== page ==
The issue of oil is visible on three levels in the comic book. First, it serves as a leitmotif through the unexplained explosions of car engines (aptly named internal “combustion” engines). These recurring incidents are capable of ruining the economies of developed countries and heighten international tensions, as each side accuses the other of wrongdoing. Secondly, the journey to Palestine takes place aboard an oil tanker, the Speedol Star. Lastly, the comic book depicts the destruction of a pipeline and the reaction of the oil companies when they notice that the flow has stopped. As the story is set in Palestine, the sabotaged pipeline is likely to transport oil from Iraq to the Mediterranean Sea, with one branch terminating at the Port of Haifa (now part of Israel) and the other in Lebanon. In reality, the first branch was not in operation for long due to the geopolitical environment. The oil originated from Iraqi fields that were managed at the time by the Iraq Petroleum Company, a powerful U.S.- and U.K.-dominated trust, with slightly less than one-fourth of output reserved for the Compagnie Française des Pétroles, Total’s direct ancestor company.

The plot also highlights the rivalries between oil companies, as Doctor Müller tries to pit them against one another by sabotaging a pipeline in the middle of the desert (there are actually two nighttime sabotages on two consecutive evenings). Müller also stirs up rivalry among the sheiks, who support different international oil companies. Sheik Mohammed Ben Kalish Ezab, for example, has signed a contract with an English company. When the contract is up for renewal, Müller tries to make him believe that the attacks were carried out by Sheik Bab el Ehr so that he will sign with another “non-English” company. If he does so, the attacks will come to an end. Müller kidnaps the son of Sheik Mohammed Ben Kalish Ezab, who receives a letter in which Bab el Ehr claims responsibility. If the Sheik wants to see his son alive again, he must drive out the English. Müller, going by the name Smith, has a secret agent-style “cover” as an archaeologist... and oil company representative.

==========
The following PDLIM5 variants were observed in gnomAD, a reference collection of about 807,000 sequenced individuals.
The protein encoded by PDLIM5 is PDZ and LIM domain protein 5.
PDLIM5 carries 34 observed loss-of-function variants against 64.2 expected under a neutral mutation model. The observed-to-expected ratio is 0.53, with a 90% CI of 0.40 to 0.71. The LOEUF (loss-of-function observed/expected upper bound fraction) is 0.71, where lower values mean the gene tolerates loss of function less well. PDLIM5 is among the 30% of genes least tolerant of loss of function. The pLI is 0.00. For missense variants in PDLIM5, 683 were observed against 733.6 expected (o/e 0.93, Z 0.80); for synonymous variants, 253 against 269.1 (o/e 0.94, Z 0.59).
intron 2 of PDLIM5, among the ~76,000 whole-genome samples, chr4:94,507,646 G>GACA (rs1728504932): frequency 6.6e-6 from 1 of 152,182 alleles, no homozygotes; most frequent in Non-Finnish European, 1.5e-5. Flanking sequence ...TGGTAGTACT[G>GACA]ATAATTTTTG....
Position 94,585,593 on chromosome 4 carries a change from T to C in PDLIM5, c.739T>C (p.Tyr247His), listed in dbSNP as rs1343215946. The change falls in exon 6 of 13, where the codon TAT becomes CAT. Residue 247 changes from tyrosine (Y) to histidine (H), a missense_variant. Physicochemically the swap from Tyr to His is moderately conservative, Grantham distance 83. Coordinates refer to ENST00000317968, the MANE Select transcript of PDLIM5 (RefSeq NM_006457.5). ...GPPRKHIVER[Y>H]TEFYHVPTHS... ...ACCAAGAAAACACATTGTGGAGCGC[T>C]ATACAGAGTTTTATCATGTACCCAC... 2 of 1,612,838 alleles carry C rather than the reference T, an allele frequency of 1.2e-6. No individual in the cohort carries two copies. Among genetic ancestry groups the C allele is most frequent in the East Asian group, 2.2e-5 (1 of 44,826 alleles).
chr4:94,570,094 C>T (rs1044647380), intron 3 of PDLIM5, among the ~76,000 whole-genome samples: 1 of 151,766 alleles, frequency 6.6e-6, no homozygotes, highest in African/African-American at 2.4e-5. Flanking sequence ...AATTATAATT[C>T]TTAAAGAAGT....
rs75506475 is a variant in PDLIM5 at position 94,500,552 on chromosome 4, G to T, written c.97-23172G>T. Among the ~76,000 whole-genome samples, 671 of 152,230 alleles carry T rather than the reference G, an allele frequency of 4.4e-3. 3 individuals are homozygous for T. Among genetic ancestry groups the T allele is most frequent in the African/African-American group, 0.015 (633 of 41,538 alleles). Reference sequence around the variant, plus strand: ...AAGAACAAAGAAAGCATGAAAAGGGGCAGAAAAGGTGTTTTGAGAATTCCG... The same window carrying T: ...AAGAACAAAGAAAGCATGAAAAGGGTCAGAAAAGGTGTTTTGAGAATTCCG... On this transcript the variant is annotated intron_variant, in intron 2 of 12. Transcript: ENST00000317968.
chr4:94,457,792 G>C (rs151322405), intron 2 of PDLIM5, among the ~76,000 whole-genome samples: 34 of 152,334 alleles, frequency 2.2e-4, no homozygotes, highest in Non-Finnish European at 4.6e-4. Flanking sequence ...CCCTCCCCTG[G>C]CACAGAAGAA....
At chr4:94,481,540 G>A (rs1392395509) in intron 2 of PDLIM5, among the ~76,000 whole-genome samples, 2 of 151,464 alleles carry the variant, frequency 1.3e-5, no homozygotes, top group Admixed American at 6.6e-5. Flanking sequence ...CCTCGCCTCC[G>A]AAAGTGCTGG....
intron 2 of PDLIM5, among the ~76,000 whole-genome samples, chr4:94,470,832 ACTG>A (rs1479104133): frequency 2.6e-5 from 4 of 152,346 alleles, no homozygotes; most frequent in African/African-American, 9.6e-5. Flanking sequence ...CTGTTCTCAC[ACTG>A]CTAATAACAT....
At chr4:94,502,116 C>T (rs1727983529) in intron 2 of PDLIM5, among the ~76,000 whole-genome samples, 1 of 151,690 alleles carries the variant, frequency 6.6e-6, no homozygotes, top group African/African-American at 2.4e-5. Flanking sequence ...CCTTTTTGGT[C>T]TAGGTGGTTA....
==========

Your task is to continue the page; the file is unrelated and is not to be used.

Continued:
Even though oil issues are omnipresent in all of their geopolitical dimensions, Hergé’s description of the Near East does not make them the region’s defining feature. And while the oil is transported through the region, the wells are located in Iraq. Furthermore, the aspect of the story that stands out most is the incredibly strained relations between the British Empire, members of the developing Zionist movement and the Arab population. Hergé foresaw all the complexity of this unresolved conflict, which continues to shape the region. Unlike The Blue Lotus, in which Hergé clearly sides with the Chinese against their Japanese aggressor, Land of Black Gold echoes General de Gaulle’s reference to “the complicated Orient” with a certain amount of neutrality.

Do You Speak Brusselair?

The names of the oil sites and operations once again give Hergé a chance to make a nod to his Brussels roots by creating puns in Marols, or brusselair, a language mixing French, Flemish and even Spanish. For example, the Bir El Ambik well sounds similar to the name of a famous beer, Halambique. Likewise, the Skoil Petroleum oil company evokes the word for cheers, skoll. Other examples include the names of some of the Arab characters, such as Ben Kalish Ezab (similar to the word for licorice juice), Bab El Ehr (which sounds like babeler, meaning to be talkative) and Yussuf Ben Mulfrid (a reference to moules frites, or mussels with fries, a Belgian specialty). The capital of Khemed, Wadesdha, sounds like wat is dat (or “what is that” with a heavy French accent). It is not the first Tintin comic book to use puns, but they are particularly numerous in this volume.

Tintin in America

While this highly original volume gives center stage to oil, it is not the only one to treat the topic. A very famous plate from Tintin in America, published prior to Land of Black Gold, is also themed around oil. In this third comic book, dating back to the early 1930s, Tintin accidentally leads to the discovery of oil on an Indian reservation. After refusing a meager compensation, the Indians are thrown out and, unbelievably fast, a city springs up out of the oil wealth. In the United States, unlike in France, the subsoil belongs to the owner of the land, making the appetite for oil voracious. In this volume, however, Hergé is clearly rooting for the Indians against greedy capitalism. Two comic books, two messages: oil can be depicted in multiple ways, even by the same author.

Find Out More

Read Land of Black Gold and Tintin in America. Immerse yourself in Albert Algoud’s Dictionnaire amoureux de Tintin (Plon, 2016). Check out a few books on the history of oil (Luttes pétrolières au Moyen-Orient, The Prize: The Epic Quest for Oil, Money, and Power, etc.).

 

The visuals of Hergé are protected by the copyright and can not be used without the prior written consent of the company MOULINSART (contact: [email protected]).

Was this Cinema Literature and Energy interesting?

14 0